Kindred Spirits

Sitting in my car, looking out at the Lake, overcast skies, fall colors all around. I have fallen into what seems to be insurmountable grief. My heart aches, my eyes are teary, my soul is bruised. I feel unfairly alone.

Leaving church this morning, I saw a text from my sweet friend. Due to my recent move, we are now separated by a mountain range. Her text read, “Most days I’m really grateful you were able to make the move. Today is not one of those days. Missing you in the neighborhood. Would have loved to stop by for soup and dessert like we did now many hundreds of times over 25 years.” Her next text read, “I started to tell my husband what I wrote to you and I started to weep.”

I called my friend. Driving around my new town, I told her all about it. The fear I have for my son who is making some poor choices. The lack of personal space I feel in my apartment as I share it with three young adults. The weariness I feel in learning a new job, trying to prove my worth, constantly pouring into others. My loneliness. I feel invisible. In the four months I have lived in this town, and worked at a huge church, I have had only one invitation to someone’s house.

As I poured my heart out to her, my friend did what she has done for 25 years: she listened, reflecting and commiserating. My friend knows what it feels like to be a single woman sitting alone in church, surrounded by people. We are kindred spirits in our personal pain through loss. My friend is with me as I peel the onion of my life and look for what is below the surface, what is at the core of me.

I fear for my children’s choices. I am lonely for community with my oldest daughter. I have invested what feels like a lifetime in other people’s children, and I want God to do the same now with mine. I want God to heal the great wounding of our lives and restore us to one another.

There was healing in my friend’s presence. She excels in listening, in getting mad and sad in all the right places, and has been here for me in the history of so many hundreds of phone calls over a quarter century of friendship. She extends me peace by allowing me to simply be me.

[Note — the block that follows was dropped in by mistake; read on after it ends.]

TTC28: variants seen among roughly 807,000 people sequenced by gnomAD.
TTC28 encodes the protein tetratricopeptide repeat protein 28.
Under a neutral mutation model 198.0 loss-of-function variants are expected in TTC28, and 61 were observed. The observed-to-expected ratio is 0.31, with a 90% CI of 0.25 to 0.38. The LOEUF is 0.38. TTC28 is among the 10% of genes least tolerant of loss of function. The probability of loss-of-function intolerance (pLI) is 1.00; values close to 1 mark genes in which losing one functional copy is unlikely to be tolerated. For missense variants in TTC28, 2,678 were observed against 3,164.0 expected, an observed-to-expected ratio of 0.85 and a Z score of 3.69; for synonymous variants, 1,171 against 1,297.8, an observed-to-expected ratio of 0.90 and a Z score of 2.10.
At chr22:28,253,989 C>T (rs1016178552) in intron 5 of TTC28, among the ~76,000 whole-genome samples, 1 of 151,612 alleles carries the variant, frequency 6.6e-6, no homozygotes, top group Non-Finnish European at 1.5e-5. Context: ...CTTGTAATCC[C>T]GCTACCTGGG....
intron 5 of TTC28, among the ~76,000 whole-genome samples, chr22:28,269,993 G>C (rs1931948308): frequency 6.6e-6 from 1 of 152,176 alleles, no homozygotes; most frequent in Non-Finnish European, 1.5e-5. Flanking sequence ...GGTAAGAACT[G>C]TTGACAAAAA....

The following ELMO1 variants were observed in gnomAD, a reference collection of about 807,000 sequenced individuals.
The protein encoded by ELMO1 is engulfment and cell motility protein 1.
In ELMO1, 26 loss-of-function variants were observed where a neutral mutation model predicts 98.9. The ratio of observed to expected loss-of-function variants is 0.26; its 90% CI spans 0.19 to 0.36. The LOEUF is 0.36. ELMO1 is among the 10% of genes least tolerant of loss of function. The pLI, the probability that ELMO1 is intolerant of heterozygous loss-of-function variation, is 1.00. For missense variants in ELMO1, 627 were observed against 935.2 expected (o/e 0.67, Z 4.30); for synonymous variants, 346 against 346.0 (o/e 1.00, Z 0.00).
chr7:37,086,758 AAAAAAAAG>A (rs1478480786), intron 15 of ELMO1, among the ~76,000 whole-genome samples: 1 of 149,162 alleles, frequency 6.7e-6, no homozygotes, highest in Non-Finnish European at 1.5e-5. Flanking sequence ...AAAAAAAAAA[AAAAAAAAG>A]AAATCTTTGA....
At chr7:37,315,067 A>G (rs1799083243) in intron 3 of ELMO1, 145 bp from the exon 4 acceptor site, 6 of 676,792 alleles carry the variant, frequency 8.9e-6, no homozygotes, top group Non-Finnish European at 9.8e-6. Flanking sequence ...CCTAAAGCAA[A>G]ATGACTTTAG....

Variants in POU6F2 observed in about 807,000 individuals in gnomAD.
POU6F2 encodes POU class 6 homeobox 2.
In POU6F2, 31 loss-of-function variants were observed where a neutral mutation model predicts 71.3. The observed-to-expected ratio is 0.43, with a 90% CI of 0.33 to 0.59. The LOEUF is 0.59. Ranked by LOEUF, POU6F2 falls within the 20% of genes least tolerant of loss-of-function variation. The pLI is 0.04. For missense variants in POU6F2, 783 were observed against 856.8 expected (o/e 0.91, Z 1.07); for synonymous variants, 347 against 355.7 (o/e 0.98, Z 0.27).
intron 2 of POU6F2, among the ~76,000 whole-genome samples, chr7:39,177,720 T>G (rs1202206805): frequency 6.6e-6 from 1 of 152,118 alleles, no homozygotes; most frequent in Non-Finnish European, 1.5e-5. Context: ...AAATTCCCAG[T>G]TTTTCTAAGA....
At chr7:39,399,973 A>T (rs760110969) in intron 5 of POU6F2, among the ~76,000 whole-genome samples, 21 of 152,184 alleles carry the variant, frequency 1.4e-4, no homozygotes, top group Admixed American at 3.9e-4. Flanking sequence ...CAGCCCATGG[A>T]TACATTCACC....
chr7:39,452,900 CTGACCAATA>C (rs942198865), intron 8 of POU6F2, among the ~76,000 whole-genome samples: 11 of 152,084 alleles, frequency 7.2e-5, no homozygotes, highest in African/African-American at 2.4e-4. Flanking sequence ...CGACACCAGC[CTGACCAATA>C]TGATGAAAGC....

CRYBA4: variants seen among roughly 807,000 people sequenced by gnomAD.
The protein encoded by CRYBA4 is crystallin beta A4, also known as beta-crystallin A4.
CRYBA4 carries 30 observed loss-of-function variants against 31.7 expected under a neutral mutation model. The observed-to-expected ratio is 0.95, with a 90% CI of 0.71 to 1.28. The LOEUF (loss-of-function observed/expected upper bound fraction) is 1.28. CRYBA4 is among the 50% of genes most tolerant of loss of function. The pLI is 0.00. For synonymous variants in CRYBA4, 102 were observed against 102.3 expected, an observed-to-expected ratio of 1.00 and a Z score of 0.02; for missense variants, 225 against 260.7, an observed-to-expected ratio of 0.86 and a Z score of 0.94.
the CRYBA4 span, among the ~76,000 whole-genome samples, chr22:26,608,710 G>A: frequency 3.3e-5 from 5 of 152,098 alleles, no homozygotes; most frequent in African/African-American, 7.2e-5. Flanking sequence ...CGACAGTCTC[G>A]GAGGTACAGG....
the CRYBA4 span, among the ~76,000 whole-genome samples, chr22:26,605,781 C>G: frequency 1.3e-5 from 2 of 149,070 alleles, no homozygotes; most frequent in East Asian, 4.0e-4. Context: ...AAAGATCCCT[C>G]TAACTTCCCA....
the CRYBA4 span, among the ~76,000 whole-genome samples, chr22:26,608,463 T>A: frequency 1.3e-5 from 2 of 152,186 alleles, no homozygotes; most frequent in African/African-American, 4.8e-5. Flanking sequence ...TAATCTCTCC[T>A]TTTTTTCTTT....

After we hung up, two things came to mind. As the onion is peeled back, and my eyes start to sting, her weeping joins mine. I am crying in church, and she is crying a hundred miles away. Kindred spirits. I believe that God let her cry my tears, share my pain and in doing so, took some of my burden from me.

I also realized that yesterday was my wedding anniversary. Now divorced, I thought it would lessen, the pain of all that was lost. And yet, there it is, in my face. Failure, grief, anger, fear, loneliness, weariness, all of it. It is part of the pain today, part of the tears, part of the onion. More years married than single. While I do not wish to return to that marriage, I do wish that somewhere inside me this wound would heal.

I take a deep breath. My friend reminded me that I need to look at what is life-giving to me, and what steals life away. She encouraged me to give myself time to rest, to be quiet, to be alone. Once again, kindred spirits. She knows whereof she speaks.

God, I am grateful that you put me on my friend’s heart today, for the tears we shed and have shed, for and with each other, all these long years. I am not alone. I am not invisible. I am loved.  Thank You.

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4 Responses to Kindred Spirits

  1. Thank you for this beautiful tribute to our enduring friendship. Our lives couldn’t be more different in so many ways and yet we are kindred spirits because of a core of understanding and empathy. I miss you being my neighbor and yet I am thankful you had the courage to make this move. I miss going over to your house for soup and muffins and conversation, but I am happy that you are realizing some of your professional dreams. You have lost so much, endured so much, given so much, grieved so much. Take the opportunities to rest, to spend time by the water, read and make good food, to write on the blog and share these authentic and beautiful thoughts. The friendships will come in good time, but recognize that we (those of us on the other side of the mountain) are a hard act to follow. Just sayin’ We are still here for you. Those on that side of the mountain have yet to discover you, but when they do…they will love you as we/I do.

    • 7seastar6 says:

      Thank you for your beautiful reply and enduring friendship. I love it that you said you all on the other side of the mountain are a hard act to follow! Love you, my friend.

  2. velvetmp says:

    God is with you. Always

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